Preparation. It matters. Should it matter less when we are preparing to meet with God?
So, let me ask you a question: how did you prepare for worship this morning?
Britain Yearly Meeting’s Faith and Practice reminds us that in worship we enter with reverence into communion with God and respond to the promptings of the Holy Spirit. It advises us, therefore, to come to meeting for worship with heart and mind prepared. How did you prepare your heart and your mind for this experience?
Look, I don’t think that as Christian Quakers in the 21st century, we need to be worried about whether or not turning on a light bulb is, technically speaking, lighting a fire and therefore banned on the Sabbath. I know that other people find deep meaning in those practices, and I want to be respectful of that, but I’m not going to feel guilty about heading home this afternoon and microwaving some lunch. The Sabbath is on Saturday anyhow, so any Sabbath-breaking sin of mine was committed yesterday. Today, my lazy microwaving is blameless.
I am still struck, though, by the families who intentionally welcome in their day of rest and worship and community. I am struck by the way that it deepens their worship, by how a simple ritual like throwing food in a crock pot the night before makes it easier for them to take one day and remind themselves of who and whose they really are.
Friends, I don’t know if you realize this: what each of you, individually, do with your souls during the week determines, to some extent, the deepness of our shared worship. If you come with your hearts and minds prepared, then we are more likely to recognize Christ among us.
That’s the point of all these Sabbath laws. I don’t think you need to try to shoehorn your life into these particular rules. I mean, imagine asking Moses, the great conveyer and teacher of the Law, to tell me whether or not Craig and I can watch Lost on Netflix today. Imagine Moses’ head catching on fire like the burning bush as he tries to figure out what I’m talking about. The particulars of these rules are not for us.
One takeaway here, though, is that human beings need to prepare for corporate worship. We need that awareness, throughout the week, that something special is going to happen when we gather together. We need to plan for it. We need to prepare.
If you are a human being, then this takeaway is for you.
So. Did you prepare for worship this morning?
I don’t mean for that to be a shaming question. I’m not saying that if you didn’t prepare your heart and mind for worship, then you don’t belong here. Maybe you went through the past six days without giving a single thought to matters of eternal weight. No matter, in a sense. You are welcome here.
However: you will find Christ more easily, on a Sunday morning, if you have also been looking for Christ throughout the week. You will be more centered, as we enter our time of waiting worship, if you have practiced centering yourself throughout the week. You will hear the voice of God more clearly, in this time and place, if you have been listening all week long.
You may not need to remember the Sabbath just as our religious ancestors did, but you do need to remember. And what’s more, we need you to remember. The people gathered in this meetinghouse, today, need you to be prepared.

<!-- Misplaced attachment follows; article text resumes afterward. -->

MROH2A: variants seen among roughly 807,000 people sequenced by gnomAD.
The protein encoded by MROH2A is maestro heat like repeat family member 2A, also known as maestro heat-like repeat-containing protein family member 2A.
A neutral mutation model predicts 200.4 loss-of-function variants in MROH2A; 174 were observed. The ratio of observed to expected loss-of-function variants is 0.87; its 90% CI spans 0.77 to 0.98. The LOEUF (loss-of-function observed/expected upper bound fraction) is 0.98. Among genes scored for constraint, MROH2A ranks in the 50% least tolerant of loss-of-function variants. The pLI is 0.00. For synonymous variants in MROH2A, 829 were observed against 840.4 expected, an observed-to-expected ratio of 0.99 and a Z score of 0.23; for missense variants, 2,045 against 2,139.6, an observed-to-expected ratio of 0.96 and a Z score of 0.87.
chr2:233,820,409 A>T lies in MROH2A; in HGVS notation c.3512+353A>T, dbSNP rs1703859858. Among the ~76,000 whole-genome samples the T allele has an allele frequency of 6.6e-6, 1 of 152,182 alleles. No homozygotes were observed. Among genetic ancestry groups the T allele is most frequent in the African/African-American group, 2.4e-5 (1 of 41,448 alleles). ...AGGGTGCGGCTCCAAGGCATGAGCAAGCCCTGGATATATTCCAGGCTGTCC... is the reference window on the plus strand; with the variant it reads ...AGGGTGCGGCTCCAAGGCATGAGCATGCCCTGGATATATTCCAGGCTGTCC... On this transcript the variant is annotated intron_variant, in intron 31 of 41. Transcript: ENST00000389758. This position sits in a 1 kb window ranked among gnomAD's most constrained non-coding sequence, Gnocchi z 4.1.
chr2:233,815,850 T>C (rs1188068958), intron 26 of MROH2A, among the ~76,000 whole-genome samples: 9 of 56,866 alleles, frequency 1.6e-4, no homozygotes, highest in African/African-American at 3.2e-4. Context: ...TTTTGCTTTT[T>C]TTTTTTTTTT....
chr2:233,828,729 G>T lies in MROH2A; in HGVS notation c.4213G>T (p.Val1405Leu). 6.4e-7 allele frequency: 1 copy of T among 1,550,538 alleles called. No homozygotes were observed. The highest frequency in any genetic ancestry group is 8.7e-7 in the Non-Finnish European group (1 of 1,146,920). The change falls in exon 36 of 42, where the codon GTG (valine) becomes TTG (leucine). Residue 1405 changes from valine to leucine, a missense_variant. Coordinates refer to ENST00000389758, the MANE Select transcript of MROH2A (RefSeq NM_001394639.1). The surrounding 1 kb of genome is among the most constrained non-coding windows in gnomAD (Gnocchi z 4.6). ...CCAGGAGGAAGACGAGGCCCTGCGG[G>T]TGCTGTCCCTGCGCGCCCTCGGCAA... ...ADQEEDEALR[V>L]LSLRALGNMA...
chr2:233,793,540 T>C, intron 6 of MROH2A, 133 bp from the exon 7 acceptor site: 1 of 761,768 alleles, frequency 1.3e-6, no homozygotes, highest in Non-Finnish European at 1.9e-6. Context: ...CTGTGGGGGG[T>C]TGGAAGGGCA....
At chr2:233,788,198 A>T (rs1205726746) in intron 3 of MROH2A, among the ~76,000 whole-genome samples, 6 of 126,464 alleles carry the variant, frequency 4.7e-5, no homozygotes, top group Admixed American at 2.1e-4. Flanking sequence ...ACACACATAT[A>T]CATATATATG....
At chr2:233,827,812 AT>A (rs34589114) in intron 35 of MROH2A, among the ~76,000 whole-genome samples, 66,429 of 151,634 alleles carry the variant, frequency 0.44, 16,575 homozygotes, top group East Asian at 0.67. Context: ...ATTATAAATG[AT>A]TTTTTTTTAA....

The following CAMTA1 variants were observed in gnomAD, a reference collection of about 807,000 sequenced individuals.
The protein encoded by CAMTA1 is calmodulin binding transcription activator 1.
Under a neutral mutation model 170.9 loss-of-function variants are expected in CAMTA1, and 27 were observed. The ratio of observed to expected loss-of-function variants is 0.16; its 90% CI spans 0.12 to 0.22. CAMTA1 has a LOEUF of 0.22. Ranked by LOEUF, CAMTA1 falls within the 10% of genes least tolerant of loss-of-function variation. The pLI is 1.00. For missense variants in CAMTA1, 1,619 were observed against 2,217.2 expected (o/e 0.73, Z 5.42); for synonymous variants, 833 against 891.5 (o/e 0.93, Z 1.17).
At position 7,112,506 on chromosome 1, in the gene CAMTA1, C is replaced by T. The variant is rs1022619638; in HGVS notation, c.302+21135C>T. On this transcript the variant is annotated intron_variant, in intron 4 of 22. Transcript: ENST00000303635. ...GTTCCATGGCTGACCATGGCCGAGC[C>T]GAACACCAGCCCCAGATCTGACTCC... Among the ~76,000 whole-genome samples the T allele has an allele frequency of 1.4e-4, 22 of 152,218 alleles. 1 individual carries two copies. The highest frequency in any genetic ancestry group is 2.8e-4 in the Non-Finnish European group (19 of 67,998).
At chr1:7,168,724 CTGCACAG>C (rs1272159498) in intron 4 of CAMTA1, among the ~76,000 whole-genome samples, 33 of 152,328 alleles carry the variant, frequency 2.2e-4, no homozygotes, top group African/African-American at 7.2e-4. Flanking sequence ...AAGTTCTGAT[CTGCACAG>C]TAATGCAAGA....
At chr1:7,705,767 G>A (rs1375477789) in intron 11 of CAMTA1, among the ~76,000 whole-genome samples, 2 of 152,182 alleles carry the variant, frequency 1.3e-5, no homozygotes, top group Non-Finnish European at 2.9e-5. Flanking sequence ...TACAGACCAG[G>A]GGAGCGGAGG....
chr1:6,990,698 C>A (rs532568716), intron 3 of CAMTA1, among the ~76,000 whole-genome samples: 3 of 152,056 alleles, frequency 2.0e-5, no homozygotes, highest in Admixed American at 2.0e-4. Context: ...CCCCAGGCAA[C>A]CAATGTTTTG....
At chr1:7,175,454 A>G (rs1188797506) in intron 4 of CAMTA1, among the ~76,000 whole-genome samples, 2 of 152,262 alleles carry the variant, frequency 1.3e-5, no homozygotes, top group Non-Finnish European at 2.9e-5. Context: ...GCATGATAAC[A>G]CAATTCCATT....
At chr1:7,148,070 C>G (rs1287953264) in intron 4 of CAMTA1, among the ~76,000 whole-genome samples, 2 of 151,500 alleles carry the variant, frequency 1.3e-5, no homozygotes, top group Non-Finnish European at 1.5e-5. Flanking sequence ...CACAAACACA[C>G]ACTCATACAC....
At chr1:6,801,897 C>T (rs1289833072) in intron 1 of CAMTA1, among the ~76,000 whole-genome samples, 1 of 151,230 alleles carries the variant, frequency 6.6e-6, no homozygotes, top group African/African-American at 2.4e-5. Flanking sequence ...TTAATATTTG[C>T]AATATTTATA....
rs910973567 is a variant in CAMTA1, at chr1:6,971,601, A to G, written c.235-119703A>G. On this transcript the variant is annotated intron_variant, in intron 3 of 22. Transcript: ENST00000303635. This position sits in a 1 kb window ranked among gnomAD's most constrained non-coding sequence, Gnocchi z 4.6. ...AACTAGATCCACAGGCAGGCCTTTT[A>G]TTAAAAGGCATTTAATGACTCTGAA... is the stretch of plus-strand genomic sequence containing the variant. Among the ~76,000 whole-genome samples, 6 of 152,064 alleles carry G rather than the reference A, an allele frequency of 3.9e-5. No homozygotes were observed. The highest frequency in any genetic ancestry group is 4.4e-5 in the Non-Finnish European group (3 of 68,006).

I mean, think about what happens here. People share announcements about things that are important to them. We affirm our faith together through song. We offer up the blessings and the trials of our lives in prayer. We ritually donate toward our shared goals. We talk about the Bible. We sit quietly and wait together for the Maker of the Universe to make the holy self known.
That’s just what we do in this one hour. That’s not including the sacramental conversations that come after the service, the ones where you ask each other how you’re really doing. That’s not including the incredible amount of work that our musicians put in, as they show up before the service and rehearse. That’s not including the diligent labor of our Sunday School teachers, either.
We’re doing big things, in these few hours. It is worth your while to be prepared.
So. I am not much for telling you what to do. Let me paint for you, though, a few pictures of preparation for worship:
-I know parents of a young child who, as the child is heading to bed, take a few moments to pray over the various graces and roadblocks of the day. The blueberry muffins were good, thanks be to God, but Jack took your dumptruck, and we pray for God to empower us forgive him for this sin, amen. They practice giving all these things over to God.
-I know a woman for whom writing is sacred. 500 words a day is the goal. She makes her tea and carries it off to her writing room, where she bears witness to God by writing about the everyday on sacred terms. She makes a habit of paying attention, and is therefore ready for corporate worship when it comes.
-I know a large family that considers breakfast to be their sacred time. They read a Scripture passage, they share their worries about the day, and they talk about living lives that are faithful to Christ. When they go to church, they are not surprised by the content of the service.
-I know a man who keeps a prayer notebook. Everyday, he diligently prays for his own family, for his church family, and for people around the globe whom he may never have met. When he comes to church on Sunday, he is prepared to worshipfully engage with people whose lives are different from his own.
Maybe none of those paths are for you. That’s the problem with Quakerism, I guess- no one is going to tell you what the right answer is. You have to seek that out for yourself.
I want you to know, though, that if you were to develop a spiritual practice of some sort – whether it would be a friendship thing, for those of you who find meaning there, or a family-wide thing, for those of you raising children; or a partner thing, for couples who aren’t raising children right now; or an individual thing, for those of you who are single; if you were to develop a spiritual practice, the effects of that practice would be felt throughout this meeting.
What we are doing here, this morning, is sacred. This work of worship, it requires your full attention- right now, but also all week long.
So, where did you see Christ this week? How did you prepare your hearts and minds, this week, before coming to church this morning? How might you prepare your hearts and minds, next week?